For many of us at home with our children during this time, it will feel as though it is the first time we have had to help them learn.
Many children of primary and secondary age will have been sent home with worksheets, packs of suggested reading, online connections to their school education platform. Teachers will be sending regular quizzes and topics to research, comprehensions and next steps.
And this is great for those children who will miss the routine and structure of a school day, who love to learn this way and who thrive on deadlines.
Let them take control of their timetable – it’s a great life skill, time management – and let them guide you in how they will tackle work sent home.
Let them know you are there to help (don’t panic if you don’t know how to – there are online ‘how to’s all over the place! I’ve used them in prep for classes and still use them when my now secondary age daughter asks me questions that I simply do not know!)
But what about those ‘reluctant learners’ – oh how that phrase annoys me!
Children do love to learn, they are so good at it. They may not exhibit their learning abilities in a classroom environment where, for some, expectations of behaviour and co-operation are unachievable. I have no end of respect for teachers and know firsthand how disheartening it is to not be able to reach every single one of your class all of the time. It’s nigh on impossible sometimes but those moments where your ‘reluctant learners’ (shudder) get it and start to fly are phenomenal!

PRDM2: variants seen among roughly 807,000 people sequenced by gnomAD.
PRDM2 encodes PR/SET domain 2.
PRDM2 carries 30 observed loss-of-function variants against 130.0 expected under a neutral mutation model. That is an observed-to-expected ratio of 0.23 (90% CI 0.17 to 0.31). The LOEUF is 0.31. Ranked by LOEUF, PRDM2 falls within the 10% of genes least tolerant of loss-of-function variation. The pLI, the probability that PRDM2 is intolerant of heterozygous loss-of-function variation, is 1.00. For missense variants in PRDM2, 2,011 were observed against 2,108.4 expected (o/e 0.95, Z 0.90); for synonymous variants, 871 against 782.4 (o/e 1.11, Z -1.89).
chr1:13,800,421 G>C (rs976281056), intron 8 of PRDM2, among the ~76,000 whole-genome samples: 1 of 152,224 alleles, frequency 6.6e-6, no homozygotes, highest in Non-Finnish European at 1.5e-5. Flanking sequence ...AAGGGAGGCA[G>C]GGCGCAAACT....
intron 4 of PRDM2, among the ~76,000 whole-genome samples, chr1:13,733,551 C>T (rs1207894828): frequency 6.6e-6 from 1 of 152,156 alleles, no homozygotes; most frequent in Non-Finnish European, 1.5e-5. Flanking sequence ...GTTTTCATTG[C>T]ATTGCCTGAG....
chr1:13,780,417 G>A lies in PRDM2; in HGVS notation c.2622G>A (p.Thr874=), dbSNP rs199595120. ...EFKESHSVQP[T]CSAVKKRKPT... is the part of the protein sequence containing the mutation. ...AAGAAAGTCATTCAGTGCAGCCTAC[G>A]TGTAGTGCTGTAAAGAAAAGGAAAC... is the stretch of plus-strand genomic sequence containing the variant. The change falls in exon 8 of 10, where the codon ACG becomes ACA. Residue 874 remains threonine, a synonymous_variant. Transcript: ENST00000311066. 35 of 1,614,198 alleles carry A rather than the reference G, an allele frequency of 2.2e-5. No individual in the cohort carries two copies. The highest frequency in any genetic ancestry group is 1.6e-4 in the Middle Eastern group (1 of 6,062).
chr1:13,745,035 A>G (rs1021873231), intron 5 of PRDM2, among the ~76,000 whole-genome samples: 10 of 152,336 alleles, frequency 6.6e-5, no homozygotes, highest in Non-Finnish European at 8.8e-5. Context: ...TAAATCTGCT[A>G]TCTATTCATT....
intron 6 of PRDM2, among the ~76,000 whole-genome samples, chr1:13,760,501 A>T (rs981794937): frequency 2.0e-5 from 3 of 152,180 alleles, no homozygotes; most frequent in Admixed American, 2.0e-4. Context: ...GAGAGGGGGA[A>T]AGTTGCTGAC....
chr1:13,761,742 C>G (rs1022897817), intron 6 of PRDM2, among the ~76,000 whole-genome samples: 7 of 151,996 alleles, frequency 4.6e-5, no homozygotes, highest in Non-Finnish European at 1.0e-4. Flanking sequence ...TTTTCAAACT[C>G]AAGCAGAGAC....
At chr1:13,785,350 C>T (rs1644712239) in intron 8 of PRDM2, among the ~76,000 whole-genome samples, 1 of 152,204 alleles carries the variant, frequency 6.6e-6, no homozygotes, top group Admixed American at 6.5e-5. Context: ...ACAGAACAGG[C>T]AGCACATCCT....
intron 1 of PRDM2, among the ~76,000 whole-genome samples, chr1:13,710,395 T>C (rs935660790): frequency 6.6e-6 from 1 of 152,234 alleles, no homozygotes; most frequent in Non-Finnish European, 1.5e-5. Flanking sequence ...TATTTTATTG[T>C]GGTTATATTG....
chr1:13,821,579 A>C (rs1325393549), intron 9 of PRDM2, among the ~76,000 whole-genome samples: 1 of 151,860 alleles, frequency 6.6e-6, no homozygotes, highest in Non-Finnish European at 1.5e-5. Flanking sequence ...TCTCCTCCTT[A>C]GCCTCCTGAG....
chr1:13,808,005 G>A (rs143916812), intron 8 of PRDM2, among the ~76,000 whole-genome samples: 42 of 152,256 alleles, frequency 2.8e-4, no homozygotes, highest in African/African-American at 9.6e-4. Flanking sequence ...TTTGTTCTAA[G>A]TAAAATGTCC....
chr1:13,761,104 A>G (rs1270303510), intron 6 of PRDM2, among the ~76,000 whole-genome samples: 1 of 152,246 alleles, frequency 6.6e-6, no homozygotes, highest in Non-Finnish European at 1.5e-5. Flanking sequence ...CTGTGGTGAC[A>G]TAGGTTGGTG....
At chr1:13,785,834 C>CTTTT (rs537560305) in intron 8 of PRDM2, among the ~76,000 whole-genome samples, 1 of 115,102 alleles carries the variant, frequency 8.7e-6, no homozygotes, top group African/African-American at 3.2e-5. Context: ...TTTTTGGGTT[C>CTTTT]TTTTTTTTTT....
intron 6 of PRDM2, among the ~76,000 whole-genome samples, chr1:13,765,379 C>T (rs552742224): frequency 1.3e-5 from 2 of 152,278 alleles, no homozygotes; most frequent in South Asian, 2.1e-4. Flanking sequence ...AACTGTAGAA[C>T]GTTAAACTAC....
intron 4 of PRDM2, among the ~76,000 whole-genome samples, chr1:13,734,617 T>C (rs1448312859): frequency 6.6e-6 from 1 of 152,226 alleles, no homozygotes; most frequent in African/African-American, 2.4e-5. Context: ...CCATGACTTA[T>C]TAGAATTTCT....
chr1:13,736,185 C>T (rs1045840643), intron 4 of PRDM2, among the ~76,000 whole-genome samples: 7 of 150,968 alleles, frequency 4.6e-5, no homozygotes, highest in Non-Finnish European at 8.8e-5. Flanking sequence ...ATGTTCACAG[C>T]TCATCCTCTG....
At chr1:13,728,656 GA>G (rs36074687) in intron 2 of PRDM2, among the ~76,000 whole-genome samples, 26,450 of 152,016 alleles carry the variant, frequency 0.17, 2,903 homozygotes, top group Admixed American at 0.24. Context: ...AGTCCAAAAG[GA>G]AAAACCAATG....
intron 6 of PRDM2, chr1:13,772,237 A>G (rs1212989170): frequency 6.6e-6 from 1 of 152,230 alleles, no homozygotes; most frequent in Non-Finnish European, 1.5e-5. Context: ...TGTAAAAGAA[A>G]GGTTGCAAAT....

So – how do you as a parent help your child to learn?
To be fair, you do it all the time. You’ve been doing it since they were little ones – from
- responding to their cries,
- letting them know you understand them
- pointing out colours in a rainbow
- singing the rainbow song (whichever one fits your age bracket- mine was always Up Above the Streets and Houses!)
- letting them jump into puddles and learn when too deep is too deep;
- getting them to be quiet when you are on the phone
- learning when to stop for a moment and respect someone else’s wishes (ok – it took my daughter a while to learn this one!)
For all of you at home with your children now – don’t try to be their teacher. Don’t think you have to deliver the curriculum. Please don’t. Be a co-learner. Get ready to have some fun and help them learn in all the right ways.
There are many websites, organisations, authors, adventurers and more out there at the moment providing excellent activities and experiences for children of all ages. It is our aim, over the next few weeks, to provide you with ideas, links and some ‘here’s one I made earlier’ moments. If I can link them to curriculum areas I will but this won’t be the focus.
We want your children to learn in the best way possible for them and for you.
by Allie White, educational consultant to BrightMinds
As a parent and ex-teacher, Allie has a hands-on approach to home learning, believing that the best learning is done together in a relaxed environment. Coming from a make-do and mend background, she likes to create activities for her children that use things already in the home.
Our mission at BrightMinds is to foster “a brighter way to play” to inspire your child to be curious about the world around them & encourage creativity in a fun & relaxed way.
We curate a world-class range of educational toys, games, gifts & books which are good quality, safe and backed by our extraordinary customer service. Home Learning Toys are our speciality and a Home Learning Toy from BrightMinds is a wonderful gift for your special boy or girl. Backed by our 90 day guarantee we are the number one site for thoughtful toys for kids!